This picture of me was drawn by a budding portrait artist in my classroom.
What more can I say?
I am flattered.
I’m ecstatic. I know all of my students’ names.
Well, at least today I do.
Please don’t ask me outside of the classroom if a particular child is a morning or afternoon student, because that is a question I probably won’t be able to answer just yet. Some things will take a little extra time.
I have many students with names that start with the same sound. Imagine having a *Cindy, Sarah, Suzy, Savannah, Sandy and Saul in one class, for example. Maybe it is just me, but my brain starts to mix up those names. I will say Michael when I mean Matthew, and I will say Jessica when I mean Jennifer.
I also have many names that sound similar like McKenzie and McKenna, for example. This is yet another speed bump for my brain and more names to stumble over.
Add to those obstacles the chance that I might call a student by their older sibling’s name, and it is amazing that I can correctly learn any child’s name, ever.
But I have done it.
Now the goal is to remember all of their names for the next school day.
Keeping in mind, of course, that on most mornings I have to run back into the house to grab my forgotten lunch.
*All the names used in this post are fictional and not the actual names of any of my students.
Near the end of the school year my director purchased a nice storage box for our outdoor sand toys. We moved the sand toys from the depths of the storage shed out to our brand new box. We unearthed a few treasures, and some interesting pieces.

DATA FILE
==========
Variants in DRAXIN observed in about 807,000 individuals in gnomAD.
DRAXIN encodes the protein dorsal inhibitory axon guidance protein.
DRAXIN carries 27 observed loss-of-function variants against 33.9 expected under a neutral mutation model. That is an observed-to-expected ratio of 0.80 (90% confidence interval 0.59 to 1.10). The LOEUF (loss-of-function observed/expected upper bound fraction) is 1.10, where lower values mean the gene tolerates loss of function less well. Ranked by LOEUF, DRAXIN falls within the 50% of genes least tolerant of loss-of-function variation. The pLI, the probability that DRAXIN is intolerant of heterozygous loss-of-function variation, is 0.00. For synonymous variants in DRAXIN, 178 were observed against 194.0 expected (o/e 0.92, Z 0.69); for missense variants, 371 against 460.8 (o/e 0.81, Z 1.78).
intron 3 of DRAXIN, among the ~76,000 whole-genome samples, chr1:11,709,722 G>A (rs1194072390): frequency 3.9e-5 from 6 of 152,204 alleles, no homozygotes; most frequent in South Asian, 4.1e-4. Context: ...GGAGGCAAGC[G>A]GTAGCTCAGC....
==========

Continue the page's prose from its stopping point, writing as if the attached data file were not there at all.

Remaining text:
Such as a watering can that looks a little like this:
Except that our version is kind of creepy, in a beat up, 30-year-old sort of way. Since it is a watering can, there is a hole at the back of the head and the hat is the spout. It is one strange looking thing, and if I dwell on it too long I might have nightmares.
Anyway, when we cleaned out the toys I just didn’t have the heart to toss it out. Maybe I was having a little nostalgia for those strange, little and blue cartoon creatures at that particular moment, who knows.
Fast forward to the next school day.
Prince Valiant, an observant, verbal and imaginative student of mine was digging through the sand toys looking for something to play with. Suddenly he stopped, pointed at the Smurf head watering can, looked at me, and asked with a hint of disgust “What is that?!?”
I picked it up and replied that it was a Smurf. Prince Valiant’s precocious response was “I know it’s a Smurf.”
Then he paused to think a little, and firmly added “It’s a Smurf head!”
I laughed and asked him if he thought it was creepy as I dropped it back in the box.
He agreed that it was creepy, but then he looked at me quite seriously and asked in a very stern voice “Did you chop off that Smurf’s head and put it in that box?”
I reassured him that no, I did not chop off the Smurf’s head and put it in the toy box, while desperately trying not to laugh.
I was confident that he was satisfied with my answer, since he headed back to play in the sandbox.